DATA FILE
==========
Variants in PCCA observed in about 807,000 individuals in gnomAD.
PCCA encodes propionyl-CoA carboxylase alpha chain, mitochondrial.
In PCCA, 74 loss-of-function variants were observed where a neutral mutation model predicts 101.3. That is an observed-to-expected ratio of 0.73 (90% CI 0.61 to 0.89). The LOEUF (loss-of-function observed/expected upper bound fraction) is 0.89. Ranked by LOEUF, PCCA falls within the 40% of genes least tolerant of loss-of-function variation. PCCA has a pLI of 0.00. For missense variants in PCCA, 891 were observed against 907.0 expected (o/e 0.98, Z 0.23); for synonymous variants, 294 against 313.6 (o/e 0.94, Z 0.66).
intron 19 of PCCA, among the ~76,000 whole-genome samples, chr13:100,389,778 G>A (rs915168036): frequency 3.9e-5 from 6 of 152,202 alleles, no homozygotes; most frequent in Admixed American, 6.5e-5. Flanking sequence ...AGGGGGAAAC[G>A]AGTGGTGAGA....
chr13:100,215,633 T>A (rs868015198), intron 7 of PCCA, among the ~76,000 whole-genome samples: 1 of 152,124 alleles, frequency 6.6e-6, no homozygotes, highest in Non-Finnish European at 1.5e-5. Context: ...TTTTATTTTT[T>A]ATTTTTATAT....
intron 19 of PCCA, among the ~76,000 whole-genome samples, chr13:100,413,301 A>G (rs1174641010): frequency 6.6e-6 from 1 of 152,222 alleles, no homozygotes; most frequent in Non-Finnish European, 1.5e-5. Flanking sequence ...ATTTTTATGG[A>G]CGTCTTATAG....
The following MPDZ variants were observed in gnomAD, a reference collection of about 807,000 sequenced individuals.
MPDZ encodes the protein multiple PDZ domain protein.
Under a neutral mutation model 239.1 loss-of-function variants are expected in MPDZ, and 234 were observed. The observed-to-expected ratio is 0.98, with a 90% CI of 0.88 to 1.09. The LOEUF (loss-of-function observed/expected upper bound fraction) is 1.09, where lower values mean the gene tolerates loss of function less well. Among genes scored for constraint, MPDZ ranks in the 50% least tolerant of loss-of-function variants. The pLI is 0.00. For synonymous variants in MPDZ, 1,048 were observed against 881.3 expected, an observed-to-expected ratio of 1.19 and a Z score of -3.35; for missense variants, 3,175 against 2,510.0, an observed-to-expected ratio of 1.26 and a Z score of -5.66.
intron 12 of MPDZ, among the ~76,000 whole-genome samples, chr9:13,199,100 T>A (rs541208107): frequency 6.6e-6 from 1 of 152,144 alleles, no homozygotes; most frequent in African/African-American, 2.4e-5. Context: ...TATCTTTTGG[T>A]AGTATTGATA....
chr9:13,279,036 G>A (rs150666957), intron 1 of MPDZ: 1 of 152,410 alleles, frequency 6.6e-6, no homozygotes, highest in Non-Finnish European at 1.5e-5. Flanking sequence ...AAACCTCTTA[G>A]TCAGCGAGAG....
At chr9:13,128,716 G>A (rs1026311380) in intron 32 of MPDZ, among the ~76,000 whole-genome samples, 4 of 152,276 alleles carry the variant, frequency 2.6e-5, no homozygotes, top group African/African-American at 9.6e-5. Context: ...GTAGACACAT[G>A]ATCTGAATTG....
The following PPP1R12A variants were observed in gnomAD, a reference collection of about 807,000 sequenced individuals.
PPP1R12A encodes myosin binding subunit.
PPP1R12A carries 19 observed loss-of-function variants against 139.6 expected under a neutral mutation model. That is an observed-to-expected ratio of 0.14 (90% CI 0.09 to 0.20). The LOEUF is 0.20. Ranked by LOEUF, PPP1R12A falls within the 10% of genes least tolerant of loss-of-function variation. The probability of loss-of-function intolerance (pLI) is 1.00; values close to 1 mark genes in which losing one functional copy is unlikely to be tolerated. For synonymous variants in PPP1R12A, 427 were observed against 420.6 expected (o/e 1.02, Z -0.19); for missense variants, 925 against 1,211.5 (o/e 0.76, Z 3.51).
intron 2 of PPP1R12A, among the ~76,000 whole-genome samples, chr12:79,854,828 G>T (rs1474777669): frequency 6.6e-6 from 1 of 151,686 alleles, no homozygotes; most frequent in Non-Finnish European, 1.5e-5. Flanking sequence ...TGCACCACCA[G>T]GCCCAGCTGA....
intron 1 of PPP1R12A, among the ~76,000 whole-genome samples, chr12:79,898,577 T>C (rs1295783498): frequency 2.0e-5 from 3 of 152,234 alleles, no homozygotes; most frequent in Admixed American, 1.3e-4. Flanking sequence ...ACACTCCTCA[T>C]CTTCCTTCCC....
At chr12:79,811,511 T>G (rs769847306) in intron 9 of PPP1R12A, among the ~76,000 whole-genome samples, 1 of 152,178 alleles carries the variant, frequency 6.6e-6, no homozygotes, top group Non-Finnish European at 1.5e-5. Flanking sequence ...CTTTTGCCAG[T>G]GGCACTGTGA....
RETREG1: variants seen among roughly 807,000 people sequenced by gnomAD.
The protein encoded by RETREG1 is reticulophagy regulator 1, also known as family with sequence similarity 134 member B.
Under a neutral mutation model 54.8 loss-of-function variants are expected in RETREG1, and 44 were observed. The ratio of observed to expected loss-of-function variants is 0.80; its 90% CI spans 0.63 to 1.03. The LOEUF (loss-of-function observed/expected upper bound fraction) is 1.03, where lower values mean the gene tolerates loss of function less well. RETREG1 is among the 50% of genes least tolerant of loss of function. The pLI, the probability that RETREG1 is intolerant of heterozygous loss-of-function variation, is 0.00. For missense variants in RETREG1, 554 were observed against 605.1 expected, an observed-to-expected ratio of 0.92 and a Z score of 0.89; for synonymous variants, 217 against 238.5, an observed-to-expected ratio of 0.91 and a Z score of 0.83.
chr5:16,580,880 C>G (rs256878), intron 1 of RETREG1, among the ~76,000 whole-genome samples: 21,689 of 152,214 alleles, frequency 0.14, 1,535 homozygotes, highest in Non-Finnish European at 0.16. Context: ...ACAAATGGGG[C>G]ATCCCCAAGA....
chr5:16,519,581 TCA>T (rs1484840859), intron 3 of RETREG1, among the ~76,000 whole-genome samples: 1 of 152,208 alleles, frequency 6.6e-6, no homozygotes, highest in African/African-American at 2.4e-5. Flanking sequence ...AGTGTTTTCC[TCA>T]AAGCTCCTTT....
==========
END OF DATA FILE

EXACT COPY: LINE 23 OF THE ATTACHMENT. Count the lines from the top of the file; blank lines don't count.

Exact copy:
chr5:16,519,581 TCA>T (rs1484840859), intron 3 of RETREG1, among the ~76,000 whole-genome samples: 1 of 152,208 alleles, frequency 6.6e-6, no homozygotes, highest in African/African-American at 2.4e-5. Flanking sequence ...AGTGTTTTCC[TCA>T]AAGCTCCTTT....